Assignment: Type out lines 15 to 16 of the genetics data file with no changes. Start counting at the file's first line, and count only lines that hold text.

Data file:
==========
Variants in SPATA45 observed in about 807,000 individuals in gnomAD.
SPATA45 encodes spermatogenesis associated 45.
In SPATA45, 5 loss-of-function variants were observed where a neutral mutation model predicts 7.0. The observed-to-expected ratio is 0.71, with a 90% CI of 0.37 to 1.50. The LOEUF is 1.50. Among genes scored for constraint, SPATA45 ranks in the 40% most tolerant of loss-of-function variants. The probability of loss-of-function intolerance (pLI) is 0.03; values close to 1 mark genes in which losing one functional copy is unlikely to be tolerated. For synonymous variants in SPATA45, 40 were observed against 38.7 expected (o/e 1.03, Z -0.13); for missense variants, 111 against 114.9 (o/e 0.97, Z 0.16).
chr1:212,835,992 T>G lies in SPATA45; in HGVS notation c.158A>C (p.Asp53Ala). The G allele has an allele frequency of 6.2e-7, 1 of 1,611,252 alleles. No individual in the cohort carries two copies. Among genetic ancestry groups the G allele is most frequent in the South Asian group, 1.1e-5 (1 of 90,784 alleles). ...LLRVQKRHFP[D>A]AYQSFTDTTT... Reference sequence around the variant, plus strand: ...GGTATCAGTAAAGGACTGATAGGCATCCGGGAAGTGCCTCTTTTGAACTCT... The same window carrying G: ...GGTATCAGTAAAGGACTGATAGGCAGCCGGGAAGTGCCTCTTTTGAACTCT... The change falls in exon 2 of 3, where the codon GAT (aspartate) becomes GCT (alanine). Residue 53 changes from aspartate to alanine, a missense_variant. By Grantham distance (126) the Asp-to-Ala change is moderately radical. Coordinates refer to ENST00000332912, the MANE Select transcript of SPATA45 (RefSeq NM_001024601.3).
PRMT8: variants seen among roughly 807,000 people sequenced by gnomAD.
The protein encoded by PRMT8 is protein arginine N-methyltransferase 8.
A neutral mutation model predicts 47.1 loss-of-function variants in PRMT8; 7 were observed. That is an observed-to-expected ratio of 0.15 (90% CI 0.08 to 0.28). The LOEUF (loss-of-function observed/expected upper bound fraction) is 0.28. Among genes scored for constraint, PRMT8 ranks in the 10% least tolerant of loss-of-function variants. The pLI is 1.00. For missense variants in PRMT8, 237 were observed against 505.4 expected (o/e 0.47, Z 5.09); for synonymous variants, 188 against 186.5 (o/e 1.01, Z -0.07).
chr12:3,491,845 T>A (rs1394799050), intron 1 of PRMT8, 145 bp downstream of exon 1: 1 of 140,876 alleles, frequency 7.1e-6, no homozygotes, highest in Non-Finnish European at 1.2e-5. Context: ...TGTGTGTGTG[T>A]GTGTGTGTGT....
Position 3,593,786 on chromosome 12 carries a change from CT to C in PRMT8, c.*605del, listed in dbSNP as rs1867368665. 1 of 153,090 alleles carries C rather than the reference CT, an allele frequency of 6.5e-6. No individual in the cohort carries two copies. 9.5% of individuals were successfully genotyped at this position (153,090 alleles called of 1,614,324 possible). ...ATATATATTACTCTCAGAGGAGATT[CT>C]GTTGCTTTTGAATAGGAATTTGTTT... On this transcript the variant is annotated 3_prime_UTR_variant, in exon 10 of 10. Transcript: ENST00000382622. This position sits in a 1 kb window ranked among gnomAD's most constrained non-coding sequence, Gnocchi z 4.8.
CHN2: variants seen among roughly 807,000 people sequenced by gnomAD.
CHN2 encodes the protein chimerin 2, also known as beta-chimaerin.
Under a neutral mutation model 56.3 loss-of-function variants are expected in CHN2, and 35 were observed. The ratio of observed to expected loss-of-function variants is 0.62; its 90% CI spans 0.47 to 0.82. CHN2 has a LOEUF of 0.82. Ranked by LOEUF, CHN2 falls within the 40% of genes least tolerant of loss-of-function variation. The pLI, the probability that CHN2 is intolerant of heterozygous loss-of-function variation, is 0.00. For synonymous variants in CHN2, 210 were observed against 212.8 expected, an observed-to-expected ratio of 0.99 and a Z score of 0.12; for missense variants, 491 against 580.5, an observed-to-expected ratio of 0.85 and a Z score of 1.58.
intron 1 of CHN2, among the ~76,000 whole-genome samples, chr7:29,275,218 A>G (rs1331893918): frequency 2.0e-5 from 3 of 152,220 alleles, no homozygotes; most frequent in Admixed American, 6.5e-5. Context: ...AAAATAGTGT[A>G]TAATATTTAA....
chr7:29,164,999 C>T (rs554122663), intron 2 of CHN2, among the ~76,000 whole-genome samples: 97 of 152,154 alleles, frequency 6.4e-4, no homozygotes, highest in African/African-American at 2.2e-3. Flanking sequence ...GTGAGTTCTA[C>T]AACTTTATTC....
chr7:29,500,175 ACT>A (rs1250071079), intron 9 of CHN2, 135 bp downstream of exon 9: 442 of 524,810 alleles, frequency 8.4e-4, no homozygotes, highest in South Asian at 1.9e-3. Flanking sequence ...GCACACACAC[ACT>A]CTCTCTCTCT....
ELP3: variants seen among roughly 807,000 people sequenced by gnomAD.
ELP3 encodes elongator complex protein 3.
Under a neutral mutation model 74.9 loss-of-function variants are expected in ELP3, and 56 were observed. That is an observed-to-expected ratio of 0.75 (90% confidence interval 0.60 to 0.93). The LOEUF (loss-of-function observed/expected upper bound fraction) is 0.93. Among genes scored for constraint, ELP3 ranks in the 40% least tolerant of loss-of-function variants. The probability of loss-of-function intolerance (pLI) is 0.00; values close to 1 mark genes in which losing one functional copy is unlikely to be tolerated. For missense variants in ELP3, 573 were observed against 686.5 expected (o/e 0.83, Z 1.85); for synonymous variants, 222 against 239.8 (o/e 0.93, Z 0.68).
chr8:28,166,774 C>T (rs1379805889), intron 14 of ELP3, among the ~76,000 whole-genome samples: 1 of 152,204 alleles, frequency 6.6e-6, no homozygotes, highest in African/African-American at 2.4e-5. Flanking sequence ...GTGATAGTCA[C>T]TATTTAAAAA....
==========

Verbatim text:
chr7:29,500,175 ACT>A (rs1250071079), intron 9 of CHN2, 135 bp downstream of exon 9: 442 of 524,810 alleles, frequency 8.4e-4, no homozygotes, highest in South Asian at 1.9e-3. Flanking sequence ...GCACACACAC[ACT>A]CTCTCTCTCT....
ELP3: variants seen among roughly 807,000 people sequenced by gnomAD.